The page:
The Cleveland Cavaliers weren’t the only thing bringing people to Cleveland in early June. Ohio Sea Grant hosted seven other Great Lakes Sea Grant Programs and the National Sea Grant Program during the 26th Great Lakes Sea Grant Network Meeting. Over 80 scientists, educators, and communicators from all over the Great Lakes came together to provide program updates, share project ideas, and discuss future collaborations.
The conference began with field trips showcasing some of the amazing educational and tourism opportunities in Ohio. Trips included a fishing charter where participants caught walleye (one of the most important sportfish in Lake Erie helping to contribute to a 1 billion dollar industry), a tour of Stone Laboratory (the oldest continually operational freshwater field station) and a bike tour of sustainable business on Cleveland’s famous West 25th Street. Sustainable business practices include:
- Water reduction practices
- Solar panels to heat water
- Pervious parking lots
- Rain gardens
Speakers included Jonathon Pennock, the recently appointed National Sea Grant Director, who discussed the new vision for the National Sea Grant Program and Lieutenant Governor Mary Taylor who spoke about the great work being done in Ohio and the Great Lakes to improve water quality, foster sustainable development, and continued work to improve the health of the Great Lakes.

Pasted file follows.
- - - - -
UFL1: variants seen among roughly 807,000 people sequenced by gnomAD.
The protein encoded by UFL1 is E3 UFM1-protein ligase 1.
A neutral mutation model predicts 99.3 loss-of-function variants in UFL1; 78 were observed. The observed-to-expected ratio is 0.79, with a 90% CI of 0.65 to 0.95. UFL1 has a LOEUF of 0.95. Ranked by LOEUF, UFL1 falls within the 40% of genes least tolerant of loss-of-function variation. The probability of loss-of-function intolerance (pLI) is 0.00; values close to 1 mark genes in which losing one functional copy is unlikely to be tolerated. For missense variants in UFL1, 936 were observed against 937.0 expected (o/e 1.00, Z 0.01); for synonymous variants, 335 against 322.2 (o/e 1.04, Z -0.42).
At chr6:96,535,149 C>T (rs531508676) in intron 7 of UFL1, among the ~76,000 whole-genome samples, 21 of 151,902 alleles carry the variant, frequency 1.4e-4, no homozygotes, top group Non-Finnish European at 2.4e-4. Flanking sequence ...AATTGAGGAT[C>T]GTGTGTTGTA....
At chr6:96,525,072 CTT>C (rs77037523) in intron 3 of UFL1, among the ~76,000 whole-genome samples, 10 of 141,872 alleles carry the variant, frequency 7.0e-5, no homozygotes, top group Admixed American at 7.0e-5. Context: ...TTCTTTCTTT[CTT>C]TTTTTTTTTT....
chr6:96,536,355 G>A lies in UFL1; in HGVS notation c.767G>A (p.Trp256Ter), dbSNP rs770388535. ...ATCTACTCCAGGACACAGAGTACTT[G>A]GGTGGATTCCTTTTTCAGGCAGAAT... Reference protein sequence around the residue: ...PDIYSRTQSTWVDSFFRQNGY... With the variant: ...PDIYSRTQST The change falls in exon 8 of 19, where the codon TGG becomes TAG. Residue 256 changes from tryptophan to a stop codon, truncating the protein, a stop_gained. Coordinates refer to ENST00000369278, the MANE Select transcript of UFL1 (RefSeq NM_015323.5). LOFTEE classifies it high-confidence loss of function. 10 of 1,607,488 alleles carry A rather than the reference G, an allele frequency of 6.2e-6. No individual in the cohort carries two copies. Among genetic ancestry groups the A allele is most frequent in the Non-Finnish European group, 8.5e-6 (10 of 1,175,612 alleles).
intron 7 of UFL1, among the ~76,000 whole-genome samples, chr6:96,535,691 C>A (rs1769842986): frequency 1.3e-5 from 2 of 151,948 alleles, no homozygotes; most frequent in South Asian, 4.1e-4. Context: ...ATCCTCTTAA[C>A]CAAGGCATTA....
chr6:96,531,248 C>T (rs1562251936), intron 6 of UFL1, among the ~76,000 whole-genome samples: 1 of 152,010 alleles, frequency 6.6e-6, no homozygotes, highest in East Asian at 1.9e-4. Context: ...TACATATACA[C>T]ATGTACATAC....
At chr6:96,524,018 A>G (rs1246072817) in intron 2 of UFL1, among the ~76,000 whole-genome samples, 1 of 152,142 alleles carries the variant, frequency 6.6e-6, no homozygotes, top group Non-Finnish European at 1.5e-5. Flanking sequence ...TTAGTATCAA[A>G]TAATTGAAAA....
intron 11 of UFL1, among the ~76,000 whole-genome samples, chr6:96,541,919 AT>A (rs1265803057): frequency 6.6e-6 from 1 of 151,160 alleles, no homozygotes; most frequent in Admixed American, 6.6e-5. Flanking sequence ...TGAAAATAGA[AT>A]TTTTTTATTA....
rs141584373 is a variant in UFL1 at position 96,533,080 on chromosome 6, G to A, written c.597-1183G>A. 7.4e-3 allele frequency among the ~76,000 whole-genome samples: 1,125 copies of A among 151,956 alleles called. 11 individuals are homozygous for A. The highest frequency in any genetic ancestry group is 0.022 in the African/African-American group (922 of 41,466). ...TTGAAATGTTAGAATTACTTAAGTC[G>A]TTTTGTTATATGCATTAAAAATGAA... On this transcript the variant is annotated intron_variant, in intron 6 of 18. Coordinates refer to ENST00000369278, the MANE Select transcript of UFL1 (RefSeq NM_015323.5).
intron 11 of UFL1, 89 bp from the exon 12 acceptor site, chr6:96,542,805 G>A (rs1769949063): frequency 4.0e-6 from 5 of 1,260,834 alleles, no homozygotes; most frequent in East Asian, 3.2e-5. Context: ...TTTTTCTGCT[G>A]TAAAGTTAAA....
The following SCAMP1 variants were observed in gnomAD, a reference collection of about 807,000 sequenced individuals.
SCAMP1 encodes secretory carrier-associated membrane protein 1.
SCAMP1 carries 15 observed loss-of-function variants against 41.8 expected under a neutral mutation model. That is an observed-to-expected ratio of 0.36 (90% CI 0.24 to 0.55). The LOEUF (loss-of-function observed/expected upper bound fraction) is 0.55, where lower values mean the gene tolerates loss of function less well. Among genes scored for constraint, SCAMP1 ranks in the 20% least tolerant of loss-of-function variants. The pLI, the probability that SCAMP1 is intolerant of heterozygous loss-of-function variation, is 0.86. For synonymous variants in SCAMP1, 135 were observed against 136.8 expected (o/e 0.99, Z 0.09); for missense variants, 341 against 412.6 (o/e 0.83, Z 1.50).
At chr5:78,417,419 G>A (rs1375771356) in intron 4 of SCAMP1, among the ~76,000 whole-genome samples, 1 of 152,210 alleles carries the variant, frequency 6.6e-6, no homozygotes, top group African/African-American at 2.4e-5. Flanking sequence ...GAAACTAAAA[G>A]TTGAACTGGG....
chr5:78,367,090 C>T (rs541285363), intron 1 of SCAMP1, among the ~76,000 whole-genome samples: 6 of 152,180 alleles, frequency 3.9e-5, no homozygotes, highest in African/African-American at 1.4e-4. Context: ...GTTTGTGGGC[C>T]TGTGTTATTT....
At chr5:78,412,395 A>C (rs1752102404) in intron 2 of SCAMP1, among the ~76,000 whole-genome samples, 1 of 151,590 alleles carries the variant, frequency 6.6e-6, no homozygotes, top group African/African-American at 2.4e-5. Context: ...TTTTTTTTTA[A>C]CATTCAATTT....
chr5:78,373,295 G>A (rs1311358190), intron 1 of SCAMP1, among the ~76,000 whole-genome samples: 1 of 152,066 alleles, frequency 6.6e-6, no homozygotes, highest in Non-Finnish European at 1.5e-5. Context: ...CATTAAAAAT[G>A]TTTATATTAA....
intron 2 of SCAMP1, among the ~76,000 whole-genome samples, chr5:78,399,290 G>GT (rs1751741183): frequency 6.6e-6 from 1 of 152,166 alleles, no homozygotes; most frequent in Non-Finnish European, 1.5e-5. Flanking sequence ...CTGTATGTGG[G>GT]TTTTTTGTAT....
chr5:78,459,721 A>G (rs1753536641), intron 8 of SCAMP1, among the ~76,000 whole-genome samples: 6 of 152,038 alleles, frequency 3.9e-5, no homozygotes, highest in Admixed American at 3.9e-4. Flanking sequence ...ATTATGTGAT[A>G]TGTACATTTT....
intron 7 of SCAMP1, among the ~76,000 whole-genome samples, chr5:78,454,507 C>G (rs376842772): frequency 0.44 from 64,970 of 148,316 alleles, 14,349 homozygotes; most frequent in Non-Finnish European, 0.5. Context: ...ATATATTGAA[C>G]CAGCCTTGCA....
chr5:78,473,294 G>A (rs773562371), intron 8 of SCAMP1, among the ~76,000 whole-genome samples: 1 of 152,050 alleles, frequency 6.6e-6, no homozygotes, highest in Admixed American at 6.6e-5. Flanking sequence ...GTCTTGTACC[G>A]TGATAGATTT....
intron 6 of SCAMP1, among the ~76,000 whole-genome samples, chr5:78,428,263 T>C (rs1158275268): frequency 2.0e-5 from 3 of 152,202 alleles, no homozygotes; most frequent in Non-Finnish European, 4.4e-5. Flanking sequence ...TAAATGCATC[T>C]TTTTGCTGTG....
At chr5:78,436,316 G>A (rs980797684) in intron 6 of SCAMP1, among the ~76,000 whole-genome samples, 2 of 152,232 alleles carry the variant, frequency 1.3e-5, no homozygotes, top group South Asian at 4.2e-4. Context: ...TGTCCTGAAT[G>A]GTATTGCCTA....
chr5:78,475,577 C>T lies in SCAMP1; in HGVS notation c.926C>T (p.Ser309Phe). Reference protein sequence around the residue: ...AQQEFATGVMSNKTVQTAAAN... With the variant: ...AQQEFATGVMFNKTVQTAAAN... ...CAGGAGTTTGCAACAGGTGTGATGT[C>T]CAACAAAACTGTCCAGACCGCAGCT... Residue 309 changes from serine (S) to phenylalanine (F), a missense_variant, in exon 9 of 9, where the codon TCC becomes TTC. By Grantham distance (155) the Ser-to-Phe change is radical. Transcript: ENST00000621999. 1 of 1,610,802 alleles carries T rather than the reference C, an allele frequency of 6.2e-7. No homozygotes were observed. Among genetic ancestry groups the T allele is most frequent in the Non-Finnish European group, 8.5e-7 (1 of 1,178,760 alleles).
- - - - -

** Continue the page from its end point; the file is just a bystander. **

Educational field trips on the second day showed participants some of the issues facing Lake Erie and offered on-the-ground solutions to solve problems. A boat tour of the Cuyahoga River led by Scott Hardy, Sea Grant Extension Educator in Cuyahoga County, showcased the work being done by local organizations in Cleveland and Ohio Sea Grant to remove the river from the Area of Concern list. Areas of Concern are highly impaired rivers as a result of industrial use over the past century. Local organizations work together to remove contaminated sediment, improve water quality, and repair fish, bird, and mammal habitats to improve the benefits offered by the river.
A second boat tour led by Sarah Orlando, Ohio Clean Marina Program Manager, took several people to the Emerald Necklace Marina in Rocky River. The Emerald Necklace Marina is one of Ohio’s many Clean Marinas. Cleans Marinas are marinas that have gone through the certification process through Ohio Sea Grant and the Ohio Department of Natural Resources to adopt business and property management practices that improve water quality, lessen a marina’s environmental impact, and work with their boaters to educate on safe and clean boating best practices.
Some of these practices include:
- recycling when possible
- using living shorelines instead of hardened shorelines along the water to improve fish habitat
- using cleaning products such as vinegar to clean their boats instead of synthetic chemicals
- educating others about safe and clean boating practices
All in all it was a great few days filled with new project ideas, network visioning, and lots of fun in some of Coastal Ohio’s most beautiful areas.
1 billion dollar industry American Sportfishing Association Report January 2013. http://asafishing.org/uploads/2011_ASASportfishing_in_America_Report_January_2013.pdf
Jill Bartolotta is an Extension Educator for Ohio Sea Grant.